Yep. And this is what all of my west coast friends say as well. Chicago is the only “affordable” large walkable city left.

    Milkster- our Zumba classes are terrible? I didn’t even know we HAD Zumba classes (which I’ve been wanting to try for some time.) Business opportunity?

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  162. “Milkster- our Zumba classes are terrible? I didn’t even know we HAD Zumba classes (which I’ve been wanting to try for some time.) Business opportunity?”

    They were doing the GRAPEVINE, with nary a shake, wind, drop or twerk to be found!

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  163. Sabrina–

    1. “The former head of Goldman Sachs housing market research team just put together a report for the White House on the state of housing right now.
    He’s calling for a 15% decline in prices over the next 3 years. This would be unprecedented because up until 2007 there hadn’t been a national housing market decline in like 70 years. So he’s saying we’re going to have another one right on the heels of the one we just had.” I seriously question the neutrality and objectivity of this report…banks have been trying everything to keep interest rates low. Predicting another disaster only increases the likelihood of continuing low interest rates. Banks are looking to keep the continued stimulus for as long as they can — thus no incentive to say the market might dip a little now the pent up demand has been satisfied and we are back to a more normal market (i.e, people buying houses to live in for personal reasons, and not solely for investment).

    2. Much of the above talk is about how flippers and investors will cut their prices. I think they will…they need to sell. But these are less expensive commodity type houses. I was referring to houses and large, luxury apartments (over 1 million) in GZ areas. I don’t think prices will fall here. The market is segmented and the higher end is not affected as greatly by interest rates and flippers/investors lowering prices b/c much of their inventory is lower priced, non-GZ stuff. Arguably, the move up buyer like myself is affected, except most of us either already cut bait or, thanks to the recession, have enough equity that we can rent out our old places at a profit and move on with our new purchase. I was surprised how easy it was to get a jumbo (1.5+million) on the new place and still carry the old. Lending criteria has loosed up for buyers who have a lot of equity in their old places and can put 20-30% down.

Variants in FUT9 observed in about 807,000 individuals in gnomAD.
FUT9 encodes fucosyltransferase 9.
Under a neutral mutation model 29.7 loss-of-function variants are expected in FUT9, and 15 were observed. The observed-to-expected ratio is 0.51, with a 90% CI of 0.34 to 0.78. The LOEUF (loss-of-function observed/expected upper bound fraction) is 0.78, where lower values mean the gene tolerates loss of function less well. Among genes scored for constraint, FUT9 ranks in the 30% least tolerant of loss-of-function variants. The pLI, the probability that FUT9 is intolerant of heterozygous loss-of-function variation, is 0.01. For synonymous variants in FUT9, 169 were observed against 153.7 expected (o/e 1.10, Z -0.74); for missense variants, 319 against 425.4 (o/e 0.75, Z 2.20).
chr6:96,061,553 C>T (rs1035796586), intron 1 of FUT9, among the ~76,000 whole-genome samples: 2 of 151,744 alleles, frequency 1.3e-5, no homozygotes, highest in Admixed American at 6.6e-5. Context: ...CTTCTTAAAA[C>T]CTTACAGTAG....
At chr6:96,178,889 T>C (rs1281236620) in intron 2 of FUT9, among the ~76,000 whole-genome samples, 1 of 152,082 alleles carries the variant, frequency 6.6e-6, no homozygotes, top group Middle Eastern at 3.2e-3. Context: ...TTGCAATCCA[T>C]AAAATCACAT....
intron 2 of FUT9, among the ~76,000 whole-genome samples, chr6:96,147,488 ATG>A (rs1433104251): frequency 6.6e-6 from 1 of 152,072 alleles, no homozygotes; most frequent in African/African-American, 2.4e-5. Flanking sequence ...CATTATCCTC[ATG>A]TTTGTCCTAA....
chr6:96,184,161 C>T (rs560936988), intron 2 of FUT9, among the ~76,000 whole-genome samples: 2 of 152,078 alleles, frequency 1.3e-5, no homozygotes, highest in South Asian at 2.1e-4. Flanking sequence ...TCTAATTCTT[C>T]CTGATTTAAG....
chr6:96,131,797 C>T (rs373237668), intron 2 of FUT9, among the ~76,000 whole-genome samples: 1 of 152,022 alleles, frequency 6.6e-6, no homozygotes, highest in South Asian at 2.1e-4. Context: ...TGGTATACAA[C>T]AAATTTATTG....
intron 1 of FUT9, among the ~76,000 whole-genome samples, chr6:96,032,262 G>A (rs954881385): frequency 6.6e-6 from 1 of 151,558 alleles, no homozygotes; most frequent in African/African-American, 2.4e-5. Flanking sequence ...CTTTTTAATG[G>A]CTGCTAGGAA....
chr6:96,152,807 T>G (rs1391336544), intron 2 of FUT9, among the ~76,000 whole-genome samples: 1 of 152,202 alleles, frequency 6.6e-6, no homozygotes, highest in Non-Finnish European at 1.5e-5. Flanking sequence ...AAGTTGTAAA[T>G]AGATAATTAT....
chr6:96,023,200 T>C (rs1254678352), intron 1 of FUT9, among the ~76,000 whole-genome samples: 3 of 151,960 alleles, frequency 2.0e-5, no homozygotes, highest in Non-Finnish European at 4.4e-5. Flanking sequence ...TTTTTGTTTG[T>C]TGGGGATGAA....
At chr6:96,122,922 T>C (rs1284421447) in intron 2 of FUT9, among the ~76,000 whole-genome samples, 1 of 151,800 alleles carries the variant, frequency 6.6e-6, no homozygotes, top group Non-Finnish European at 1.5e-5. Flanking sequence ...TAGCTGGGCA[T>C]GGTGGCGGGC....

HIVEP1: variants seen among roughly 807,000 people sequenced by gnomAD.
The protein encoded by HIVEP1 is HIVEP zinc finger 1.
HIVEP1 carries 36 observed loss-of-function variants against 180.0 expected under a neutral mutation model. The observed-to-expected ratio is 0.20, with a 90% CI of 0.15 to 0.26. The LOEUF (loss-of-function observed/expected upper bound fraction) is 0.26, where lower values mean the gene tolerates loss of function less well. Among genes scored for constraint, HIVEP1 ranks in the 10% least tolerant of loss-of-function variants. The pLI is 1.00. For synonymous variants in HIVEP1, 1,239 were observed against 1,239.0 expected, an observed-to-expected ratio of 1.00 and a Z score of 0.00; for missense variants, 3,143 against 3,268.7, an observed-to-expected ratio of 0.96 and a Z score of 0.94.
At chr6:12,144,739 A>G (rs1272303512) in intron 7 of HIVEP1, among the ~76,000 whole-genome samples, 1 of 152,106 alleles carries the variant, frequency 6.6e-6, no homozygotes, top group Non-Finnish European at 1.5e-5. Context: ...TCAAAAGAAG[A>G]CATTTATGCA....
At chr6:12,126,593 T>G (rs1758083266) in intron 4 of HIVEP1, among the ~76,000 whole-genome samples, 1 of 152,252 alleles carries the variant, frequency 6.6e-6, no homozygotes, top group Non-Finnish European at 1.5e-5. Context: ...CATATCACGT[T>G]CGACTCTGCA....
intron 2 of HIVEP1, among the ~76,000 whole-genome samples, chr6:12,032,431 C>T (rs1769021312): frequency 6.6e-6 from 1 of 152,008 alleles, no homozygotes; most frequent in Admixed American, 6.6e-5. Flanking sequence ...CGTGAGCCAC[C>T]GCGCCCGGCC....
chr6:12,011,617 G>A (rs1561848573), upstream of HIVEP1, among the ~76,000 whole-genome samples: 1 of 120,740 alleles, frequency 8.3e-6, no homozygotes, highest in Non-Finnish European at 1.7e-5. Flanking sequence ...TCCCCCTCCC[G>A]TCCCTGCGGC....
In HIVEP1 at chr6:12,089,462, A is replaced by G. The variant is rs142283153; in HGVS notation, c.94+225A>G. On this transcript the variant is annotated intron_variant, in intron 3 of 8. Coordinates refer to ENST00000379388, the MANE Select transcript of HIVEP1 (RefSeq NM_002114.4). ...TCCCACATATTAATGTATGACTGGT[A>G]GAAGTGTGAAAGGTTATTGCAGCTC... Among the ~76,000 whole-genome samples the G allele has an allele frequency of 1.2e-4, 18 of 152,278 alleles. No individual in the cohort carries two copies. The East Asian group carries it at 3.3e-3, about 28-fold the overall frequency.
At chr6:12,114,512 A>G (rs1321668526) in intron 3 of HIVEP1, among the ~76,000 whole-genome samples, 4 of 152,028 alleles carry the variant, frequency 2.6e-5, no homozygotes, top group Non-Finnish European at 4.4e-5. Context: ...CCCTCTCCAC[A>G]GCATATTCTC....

3. I think prices may go down 3-6% but this affects investors more than your typical family. Families move when the timing fits their life (new job, baby, new school for kids etc…). Individual buyers should never buy solely for the purpose of flipping a few years later unless they are prepared to deal with possible negative market changes. I think this lesson was learned in the last downturn and now people are buying houses for reasons other than profit.

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  164. “But they WILL decline. It’s inevitable as day turns into night because the mortgage rates are going to rise.”

    NO! FFS – when will you understand that it depends on WHY rates rise? A great way to look at it is from 2007-2011 mortgage rates dropped along with housing prices. According to your theory mortgage rates dropping = housing prices increasing.

    “The former head of Goldman Sachs housing market research team just put together a report for the White House on the state of housing right now.”

    This makes it sound like the WH asked for it. In fact this is an open letter the WH by a guy who doesn’t seem to have a job and is trying to drum up interest / people to pay for his services.

    The funny thing is that I agree with you about housing cooling off. You are just making your argument poorly in my opinion.

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  165. ” According to your theory mortgage rates dropping = housing prices increasing.”

    It onnly works one way. And not in a consistently testable fashion. And only in real(-ish) dollars, not nominal.

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  166. “But if you listen to the agents out in California, you’ll see the reality. People are priced out.”

    It depends on where you’re looking. People are priced out because they want the best areas.